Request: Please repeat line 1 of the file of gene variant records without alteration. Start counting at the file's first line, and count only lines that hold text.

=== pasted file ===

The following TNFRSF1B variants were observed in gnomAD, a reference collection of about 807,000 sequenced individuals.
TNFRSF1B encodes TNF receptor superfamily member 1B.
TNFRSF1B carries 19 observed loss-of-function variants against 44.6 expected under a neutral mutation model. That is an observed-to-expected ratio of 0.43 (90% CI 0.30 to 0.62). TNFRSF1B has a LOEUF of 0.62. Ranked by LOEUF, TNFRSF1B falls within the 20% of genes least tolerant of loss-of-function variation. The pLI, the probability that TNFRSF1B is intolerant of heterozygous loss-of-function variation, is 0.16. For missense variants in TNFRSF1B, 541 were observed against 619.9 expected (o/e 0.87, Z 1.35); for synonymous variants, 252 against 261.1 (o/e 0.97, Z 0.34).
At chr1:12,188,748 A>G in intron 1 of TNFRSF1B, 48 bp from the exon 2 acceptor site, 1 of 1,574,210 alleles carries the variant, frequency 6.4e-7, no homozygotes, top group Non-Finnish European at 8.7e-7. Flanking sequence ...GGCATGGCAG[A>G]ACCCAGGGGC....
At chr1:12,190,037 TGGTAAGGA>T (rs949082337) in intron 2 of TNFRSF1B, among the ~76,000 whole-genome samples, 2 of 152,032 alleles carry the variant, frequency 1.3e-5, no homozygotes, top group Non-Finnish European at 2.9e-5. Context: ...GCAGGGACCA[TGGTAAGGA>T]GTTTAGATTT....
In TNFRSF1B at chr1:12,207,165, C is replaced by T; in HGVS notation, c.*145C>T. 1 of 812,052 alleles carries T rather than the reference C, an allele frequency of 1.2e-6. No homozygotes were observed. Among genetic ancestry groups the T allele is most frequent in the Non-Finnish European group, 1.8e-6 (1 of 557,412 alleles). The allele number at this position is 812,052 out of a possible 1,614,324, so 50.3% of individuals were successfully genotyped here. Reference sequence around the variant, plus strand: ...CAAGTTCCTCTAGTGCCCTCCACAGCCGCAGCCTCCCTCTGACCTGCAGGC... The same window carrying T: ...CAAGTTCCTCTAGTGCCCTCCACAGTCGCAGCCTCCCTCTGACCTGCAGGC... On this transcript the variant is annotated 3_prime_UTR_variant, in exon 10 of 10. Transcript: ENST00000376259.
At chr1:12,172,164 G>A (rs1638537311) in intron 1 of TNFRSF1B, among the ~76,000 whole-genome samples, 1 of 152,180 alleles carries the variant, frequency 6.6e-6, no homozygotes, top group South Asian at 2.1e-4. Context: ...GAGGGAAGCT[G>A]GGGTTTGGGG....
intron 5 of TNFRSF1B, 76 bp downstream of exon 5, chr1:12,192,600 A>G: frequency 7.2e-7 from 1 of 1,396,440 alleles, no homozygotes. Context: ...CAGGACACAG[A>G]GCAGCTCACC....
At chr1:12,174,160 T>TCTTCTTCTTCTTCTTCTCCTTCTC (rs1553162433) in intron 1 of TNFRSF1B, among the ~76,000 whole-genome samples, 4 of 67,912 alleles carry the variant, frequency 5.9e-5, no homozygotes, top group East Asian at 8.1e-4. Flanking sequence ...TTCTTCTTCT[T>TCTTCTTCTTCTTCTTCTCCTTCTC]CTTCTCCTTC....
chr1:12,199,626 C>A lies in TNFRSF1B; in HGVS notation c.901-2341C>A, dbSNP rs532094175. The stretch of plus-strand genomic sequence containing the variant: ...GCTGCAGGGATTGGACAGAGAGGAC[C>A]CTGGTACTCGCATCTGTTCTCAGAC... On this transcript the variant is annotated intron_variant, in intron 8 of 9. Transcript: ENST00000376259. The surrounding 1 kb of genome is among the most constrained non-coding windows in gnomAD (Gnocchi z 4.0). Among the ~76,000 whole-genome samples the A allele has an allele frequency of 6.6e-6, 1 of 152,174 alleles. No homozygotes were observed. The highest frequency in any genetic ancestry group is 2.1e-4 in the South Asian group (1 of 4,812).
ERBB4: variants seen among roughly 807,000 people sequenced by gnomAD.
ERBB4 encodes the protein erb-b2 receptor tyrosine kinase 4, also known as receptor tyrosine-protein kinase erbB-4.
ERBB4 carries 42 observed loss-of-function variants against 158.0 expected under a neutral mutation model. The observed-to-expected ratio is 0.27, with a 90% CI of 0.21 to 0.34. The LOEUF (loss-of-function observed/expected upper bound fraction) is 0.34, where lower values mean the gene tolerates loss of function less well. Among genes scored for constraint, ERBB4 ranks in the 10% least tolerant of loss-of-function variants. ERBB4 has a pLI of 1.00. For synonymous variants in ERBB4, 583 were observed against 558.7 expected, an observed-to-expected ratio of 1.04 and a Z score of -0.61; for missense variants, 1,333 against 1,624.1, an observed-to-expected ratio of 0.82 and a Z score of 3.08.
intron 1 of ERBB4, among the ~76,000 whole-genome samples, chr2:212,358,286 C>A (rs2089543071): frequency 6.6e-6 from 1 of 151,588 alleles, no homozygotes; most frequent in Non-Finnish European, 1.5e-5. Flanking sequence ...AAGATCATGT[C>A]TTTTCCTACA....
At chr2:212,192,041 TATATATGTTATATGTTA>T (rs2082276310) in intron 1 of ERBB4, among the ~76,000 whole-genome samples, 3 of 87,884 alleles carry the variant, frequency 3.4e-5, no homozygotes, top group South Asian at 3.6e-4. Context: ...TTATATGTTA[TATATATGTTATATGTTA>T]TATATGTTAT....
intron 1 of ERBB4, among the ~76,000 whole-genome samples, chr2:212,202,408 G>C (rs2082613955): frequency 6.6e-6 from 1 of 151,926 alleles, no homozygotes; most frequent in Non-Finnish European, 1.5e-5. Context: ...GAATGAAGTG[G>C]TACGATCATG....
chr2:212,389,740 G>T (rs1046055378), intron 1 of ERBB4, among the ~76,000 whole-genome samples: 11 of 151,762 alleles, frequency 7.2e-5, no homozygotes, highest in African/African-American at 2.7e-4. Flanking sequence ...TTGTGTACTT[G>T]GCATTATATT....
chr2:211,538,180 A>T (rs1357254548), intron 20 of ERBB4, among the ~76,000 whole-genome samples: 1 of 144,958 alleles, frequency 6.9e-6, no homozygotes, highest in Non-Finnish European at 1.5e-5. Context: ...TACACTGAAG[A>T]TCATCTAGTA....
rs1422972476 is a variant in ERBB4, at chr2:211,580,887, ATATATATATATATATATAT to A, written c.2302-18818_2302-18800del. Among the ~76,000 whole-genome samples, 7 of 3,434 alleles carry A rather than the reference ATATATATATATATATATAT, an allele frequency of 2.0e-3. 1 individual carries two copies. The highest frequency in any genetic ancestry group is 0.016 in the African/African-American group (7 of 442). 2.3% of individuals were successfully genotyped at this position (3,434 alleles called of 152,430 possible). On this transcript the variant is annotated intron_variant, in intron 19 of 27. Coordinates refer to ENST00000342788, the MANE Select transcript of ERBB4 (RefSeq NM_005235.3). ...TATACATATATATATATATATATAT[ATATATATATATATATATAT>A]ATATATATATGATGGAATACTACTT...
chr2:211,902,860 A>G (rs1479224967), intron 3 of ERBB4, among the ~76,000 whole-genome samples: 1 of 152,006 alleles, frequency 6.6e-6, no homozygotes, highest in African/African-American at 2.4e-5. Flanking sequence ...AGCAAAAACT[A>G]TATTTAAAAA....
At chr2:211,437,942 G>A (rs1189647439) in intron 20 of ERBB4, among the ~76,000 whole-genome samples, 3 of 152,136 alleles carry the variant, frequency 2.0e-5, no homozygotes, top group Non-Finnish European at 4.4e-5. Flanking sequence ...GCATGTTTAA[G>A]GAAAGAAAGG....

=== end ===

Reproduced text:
The following TNFRSF1B variants were observed in gnomAD, a reference collection of about 807,000 sequenced individuals.